Kidney infection, referred to as pyelonephritis, is an upper urinary tract infection from bacteria. Very often, it is the bacteria E. coli, which live in the bowel.
Urinary tract infection usually begins in the urethra or bladder and then comes to the kidneys. Kidney infection should not be left untreated because it can either damage the kidneys or spread to the bloodstream.
The urinary tract infections are divided into: lower (urethra, bladder, and prostate gland in men) and upper urinary infection (kidneys).
Kidney infections can be: uncomplicated (infection in most cases by E. coli bacteria, or Klebsiella, Proteus, Pseudomonas,Enterococcus, and Staphylococcus saprophyticus), complicated (obstruction, enlarged kidney, abscess) , and long-term (chronic kidney infection that can occur due to kidney stones or structural abnormalities).
The symptoms of kidney infection are:
- Pain in the back, groins or stomach
- Frequent urination
- Urge to urinate and pain during urination
- Nausea and vomiting
In elderly patients and those with weak immune systems, kidney infection may show more severe symptoms, like: confusion, lethargy, rapid heart rate, low blood pressure, and dehydration.
The cause of kidney infection is bacteria, which enter the urinary tract through urethra (the tube that carries urine from the body). The bacteria may ascend in the urinary system and cause kidney infections.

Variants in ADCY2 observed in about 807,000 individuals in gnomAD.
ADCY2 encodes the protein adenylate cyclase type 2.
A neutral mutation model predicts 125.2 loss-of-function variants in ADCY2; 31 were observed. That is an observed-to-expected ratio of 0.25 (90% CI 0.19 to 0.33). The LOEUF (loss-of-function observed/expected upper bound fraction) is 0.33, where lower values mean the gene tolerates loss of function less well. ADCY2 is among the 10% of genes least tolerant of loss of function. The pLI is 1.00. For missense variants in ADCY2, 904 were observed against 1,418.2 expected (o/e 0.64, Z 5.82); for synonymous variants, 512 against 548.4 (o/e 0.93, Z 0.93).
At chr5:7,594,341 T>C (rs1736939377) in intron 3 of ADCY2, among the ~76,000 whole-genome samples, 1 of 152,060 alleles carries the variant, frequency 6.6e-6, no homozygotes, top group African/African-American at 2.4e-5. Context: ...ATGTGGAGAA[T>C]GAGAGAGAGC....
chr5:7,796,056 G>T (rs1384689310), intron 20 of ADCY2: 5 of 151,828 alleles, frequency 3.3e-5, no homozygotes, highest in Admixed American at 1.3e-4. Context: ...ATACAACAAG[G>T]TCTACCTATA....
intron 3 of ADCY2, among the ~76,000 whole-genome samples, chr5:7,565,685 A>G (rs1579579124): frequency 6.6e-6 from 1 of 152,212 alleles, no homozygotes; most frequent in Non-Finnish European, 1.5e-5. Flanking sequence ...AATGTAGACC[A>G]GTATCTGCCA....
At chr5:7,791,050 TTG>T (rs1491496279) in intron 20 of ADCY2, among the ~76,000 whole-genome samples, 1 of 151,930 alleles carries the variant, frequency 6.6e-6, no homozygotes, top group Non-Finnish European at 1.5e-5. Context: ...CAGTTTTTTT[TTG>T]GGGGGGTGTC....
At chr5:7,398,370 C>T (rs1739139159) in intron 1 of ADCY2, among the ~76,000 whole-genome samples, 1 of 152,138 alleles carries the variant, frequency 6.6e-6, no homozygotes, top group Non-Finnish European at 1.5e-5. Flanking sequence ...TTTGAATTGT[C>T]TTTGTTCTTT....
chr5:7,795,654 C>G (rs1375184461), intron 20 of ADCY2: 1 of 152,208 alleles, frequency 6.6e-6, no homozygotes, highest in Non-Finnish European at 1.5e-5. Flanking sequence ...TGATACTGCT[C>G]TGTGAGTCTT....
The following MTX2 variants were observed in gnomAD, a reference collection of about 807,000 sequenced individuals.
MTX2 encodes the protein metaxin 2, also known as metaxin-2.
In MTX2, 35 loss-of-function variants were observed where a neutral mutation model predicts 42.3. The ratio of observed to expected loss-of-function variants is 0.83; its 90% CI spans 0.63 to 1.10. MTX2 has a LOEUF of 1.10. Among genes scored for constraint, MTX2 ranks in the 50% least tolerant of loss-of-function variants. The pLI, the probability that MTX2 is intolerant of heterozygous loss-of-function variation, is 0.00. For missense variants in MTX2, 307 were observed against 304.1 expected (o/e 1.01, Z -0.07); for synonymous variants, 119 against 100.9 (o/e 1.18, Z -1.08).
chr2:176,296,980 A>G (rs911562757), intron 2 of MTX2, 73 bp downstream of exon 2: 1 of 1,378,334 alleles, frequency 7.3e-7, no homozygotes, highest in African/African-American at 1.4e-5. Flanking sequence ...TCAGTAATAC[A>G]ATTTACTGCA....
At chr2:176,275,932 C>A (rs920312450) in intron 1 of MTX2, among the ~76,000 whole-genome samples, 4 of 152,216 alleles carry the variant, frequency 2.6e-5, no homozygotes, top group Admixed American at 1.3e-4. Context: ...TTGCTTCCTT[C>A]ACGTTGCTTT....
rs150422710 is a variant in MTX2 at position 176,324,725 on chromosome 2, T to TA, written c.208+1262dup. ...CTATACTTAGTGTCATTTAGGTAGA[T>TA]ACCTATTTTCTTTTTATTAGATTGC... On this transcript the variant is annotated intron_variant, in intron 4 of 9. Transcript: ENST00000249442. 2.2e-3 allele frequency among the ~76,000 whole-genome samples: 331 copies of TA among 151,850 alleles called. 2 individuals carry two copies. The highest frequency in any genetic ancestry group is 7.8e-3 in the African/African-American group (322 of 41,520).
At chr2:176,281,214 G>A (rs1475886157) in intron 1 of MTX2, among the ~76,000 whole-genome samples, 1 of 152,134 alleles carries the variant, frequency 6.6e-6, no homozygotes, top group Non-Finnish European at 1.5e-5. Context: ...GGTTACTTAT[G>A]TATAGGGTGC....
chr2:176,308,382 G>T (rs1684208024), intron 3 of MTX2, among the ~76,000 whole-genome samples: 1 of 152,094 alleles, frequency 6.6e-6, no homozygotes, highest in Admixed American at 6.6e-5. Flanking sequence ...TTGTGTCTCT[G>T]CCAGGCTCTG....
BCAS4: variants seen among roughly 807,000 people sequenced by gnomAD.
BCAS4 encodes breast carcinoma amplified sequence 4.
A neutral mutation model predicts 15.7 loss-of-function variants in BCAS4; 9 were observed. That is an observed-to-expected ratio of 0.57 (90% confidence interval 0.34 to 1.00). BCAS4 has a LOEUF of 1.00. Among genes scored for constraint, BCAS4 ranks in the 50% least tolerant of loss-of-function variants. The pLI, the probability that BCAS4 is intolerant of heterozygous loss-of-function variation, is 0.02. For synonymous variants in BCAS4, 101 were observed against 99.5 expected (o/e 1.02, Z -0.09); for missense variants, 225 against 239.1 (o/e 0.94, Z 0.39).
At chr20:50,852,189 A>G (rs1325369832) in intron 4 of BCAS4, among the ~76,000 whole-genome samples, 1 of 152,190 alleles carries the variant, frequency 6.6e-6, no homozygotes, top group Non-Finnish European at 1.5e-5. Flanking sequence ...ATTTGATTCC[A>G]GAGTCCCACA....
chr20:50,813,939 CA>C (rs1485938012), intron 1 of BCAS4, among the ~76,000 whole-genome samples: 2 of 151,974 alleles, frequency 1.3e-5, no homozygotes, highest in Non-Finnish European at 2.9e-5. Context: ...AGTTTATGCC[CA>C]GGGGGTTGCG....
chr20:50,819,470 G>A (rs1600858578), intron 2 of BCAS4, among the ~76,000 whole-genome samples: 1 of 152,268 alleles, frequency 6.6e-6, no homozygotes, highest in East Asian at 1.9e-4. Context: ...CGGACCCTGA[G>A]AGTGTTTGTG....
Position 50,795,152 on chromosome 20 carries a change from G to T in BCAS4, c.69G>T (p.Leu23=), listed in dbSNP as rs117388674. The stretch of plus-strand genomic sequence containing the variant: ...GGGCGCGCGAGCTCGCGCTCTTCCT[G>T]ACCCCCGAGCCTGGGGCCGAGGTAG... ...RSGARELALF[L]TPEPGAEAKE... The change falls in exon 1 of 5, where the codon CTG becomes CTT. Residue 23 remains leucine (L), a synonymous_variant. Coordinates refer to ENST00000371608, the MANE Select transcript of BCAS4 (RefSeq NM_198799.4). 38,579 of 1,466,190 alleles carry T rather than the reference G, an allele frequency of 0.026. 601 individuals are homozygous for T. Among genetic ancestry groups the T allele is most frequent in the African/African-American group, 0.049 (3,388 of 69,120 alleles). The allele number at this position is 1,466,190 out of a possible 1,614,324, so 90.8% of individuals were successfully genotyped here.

Sometimes, bacteria can take another route to cause kidney infection, from the bloodstream. This is usually the case when there is artificial joint or heart valve.
In rare cases, kidney infection can be caused after kidney surgery.
There are many factors that may increase the risk of infection of the kidneys and urinary tract:
- sex – women are more susceptible due to shorter urethra than men, in premenopause, women have higher risk
- sexual intercourse (for women, as urethra are close and bacteria can easily enter the urinary tract; this condition is sometimes known as "honeymoon cystitis")
- use of spermicide
- post-menopausal women
- prostate enlargment
- urinary catheters
- kidney stones
- diabetes mellitus
- race – caucasians have four times higher risk
Complications of kidney infection may arise if the infection is left untreated. These can be:
- permanent kidney damage
- blood poisoning as bacteria can spread when kidneys return blood to circulation
- low birth weight if kidney infection is present during pregnancy
Prevention of kidney infection involves:
- drinking a lot of water, to remove bacteria from the body
- go to the toilet whenever you feel the urge
- empty the bladder after intercourse to clear bacteria from the urethra
- don’t use feminine products like douchers because these can irritate the urethra
- careful wiping, i.e. it should be from front to back in order to prevent spreading bacteria to the urethra